Pam Nichols, DVM, owner of Animal Care Daybreak in South Jordan, Utah, and AAHA’s president-elect, says her caseload is up, too, but that it’s mostly urgent care—with a healthy sprinkling of new-patient visits.

Many practices seem to be in the same boat—on AAHA’s Accredited Members Facebook page, one member said her hospital was swamped with walk-ins and wondered how to handle the situation.

Nichols has a recommendation for any hospital sinking under an unexpectedly busy caseload: Keep it at “21–24 patients per doctor, max!”

Another member says they’re “unbelievably crazy busy. I feel like we can’t even catch our breath!” She reports two- or three-hour wait times.

Many members echoed Driever, saying that, as busy as they are, the number of patients they’re seeing per day is actually lower because curbside appointments take longer. So even though hospitals are slammed, gross income is down slightly in some cases.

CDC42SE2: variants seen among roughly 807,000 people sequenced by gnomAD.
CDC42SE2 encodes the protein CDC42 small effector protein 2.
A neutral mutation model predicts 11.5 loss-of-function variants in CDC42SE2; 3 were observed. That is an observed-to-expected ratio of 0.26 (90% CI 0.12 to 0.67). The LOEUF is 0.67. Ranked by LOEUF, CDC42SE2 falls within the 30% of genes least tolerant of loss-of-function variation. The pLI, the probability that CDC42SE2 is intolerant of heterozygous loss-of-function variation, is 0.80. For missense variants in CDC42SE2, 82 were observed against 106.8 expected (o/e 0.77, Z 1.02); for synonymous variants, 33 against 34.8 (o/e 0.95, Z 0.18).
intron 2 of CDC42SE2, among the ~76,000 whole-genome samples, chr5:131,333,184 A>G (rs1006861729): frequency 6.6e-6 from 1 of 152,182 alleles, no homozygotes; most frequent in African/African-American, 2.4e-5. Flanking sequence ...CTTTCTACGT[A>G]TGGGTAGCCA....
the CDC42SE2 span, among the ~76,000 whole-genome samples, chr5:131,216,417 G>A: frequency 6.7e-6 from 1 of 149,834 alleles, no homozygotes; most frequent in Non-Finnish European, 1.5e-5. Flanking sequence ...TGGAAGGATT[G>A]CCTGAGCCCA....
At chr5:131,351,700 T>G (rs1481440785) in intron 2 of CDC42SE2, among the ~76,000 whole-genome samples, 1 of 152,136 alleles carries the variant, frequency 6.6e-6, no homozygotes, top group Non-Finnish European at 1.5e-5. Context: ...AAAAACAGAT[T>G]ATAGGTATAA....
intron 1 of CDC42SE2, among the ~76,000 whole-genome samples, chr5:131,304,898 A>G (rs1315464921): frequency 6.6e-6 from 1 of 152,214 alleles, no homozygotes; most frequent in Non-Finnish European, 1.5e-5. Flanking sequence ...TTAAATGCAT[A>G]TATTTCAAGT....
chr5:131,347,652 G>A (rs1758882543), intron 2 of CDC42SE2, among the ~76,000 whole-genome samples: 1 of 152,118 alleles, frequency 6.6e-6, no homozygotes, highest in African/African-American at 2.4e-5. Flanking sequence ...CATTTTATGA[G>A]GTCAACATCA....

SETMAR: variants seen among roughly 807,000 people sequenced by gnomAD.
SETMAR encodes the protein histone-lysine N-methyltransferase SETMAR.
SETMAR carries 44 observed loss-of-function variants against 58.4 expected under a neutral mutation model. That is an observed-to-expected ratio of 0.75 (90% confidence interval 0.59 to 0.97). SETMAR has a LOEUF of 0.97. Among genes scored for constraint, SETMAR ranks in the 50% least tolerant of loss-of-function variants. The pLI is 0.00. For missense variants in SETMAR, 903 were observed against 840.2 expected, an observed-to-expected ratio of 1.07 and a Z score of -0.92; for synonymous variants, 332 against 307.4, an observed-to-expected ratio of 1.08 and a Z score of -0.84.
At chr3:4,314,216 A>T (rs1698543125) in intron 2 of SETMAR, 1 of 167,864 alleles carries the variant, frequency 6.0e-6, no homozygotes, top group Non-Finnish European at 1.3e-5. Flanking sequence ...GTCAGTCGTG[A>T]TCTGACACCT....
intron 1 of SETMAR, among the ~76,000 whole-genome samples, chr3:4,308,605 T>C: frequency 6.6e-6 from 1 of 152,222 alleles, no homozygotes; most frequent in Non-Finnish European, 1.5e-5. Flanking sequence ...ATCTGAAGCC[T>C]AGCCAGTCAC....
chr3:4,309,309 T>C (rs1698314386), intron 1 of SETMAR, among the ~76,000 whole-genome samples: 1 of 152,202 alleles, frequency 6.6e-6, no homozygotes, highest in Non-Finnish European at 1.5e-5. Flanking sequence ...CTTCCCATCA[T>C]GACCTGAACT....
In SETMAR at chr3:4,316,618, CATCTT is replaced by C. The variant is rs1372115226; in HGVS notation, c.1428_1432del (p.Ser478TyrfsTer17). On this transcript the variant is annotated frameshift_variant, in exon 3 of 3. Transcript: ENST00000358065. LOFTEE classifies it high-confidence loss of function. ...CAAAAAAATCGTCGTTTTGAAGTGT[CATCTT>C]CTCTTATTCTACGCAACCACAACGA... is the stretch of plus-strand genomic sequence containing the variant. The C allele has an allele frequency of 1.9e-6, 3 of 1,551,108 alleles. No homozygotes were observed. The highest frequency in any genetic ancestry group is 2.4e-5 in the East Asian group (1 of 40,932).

Meanwhile, Crystal Davis, an LVT at Armistead Ave Veterinary Hospital in Hampton, Virginia, told NEWStat she just took home her biggest paycheck ever thanks to a staggering and unprecedented amount of overtime.

“Thankfully, my owners are DVMs, and they’re alongside us in the trenches for this whirlwind time,” Davis added. “We’re all kicking [butt] every day.” She also knows she’s working hard for the money and acknowledges that the caseload is taking a toll: “I leave [work] physically and mentally spent, but you can see all the cases we have a hand in helping and it makes it all worthwhile.”

Or, as Pamela Drake, DVM, of New Frontier Animal Medical Center in Sierra Vista, Arizona, put it: “Slammed. Tired. Grateful.”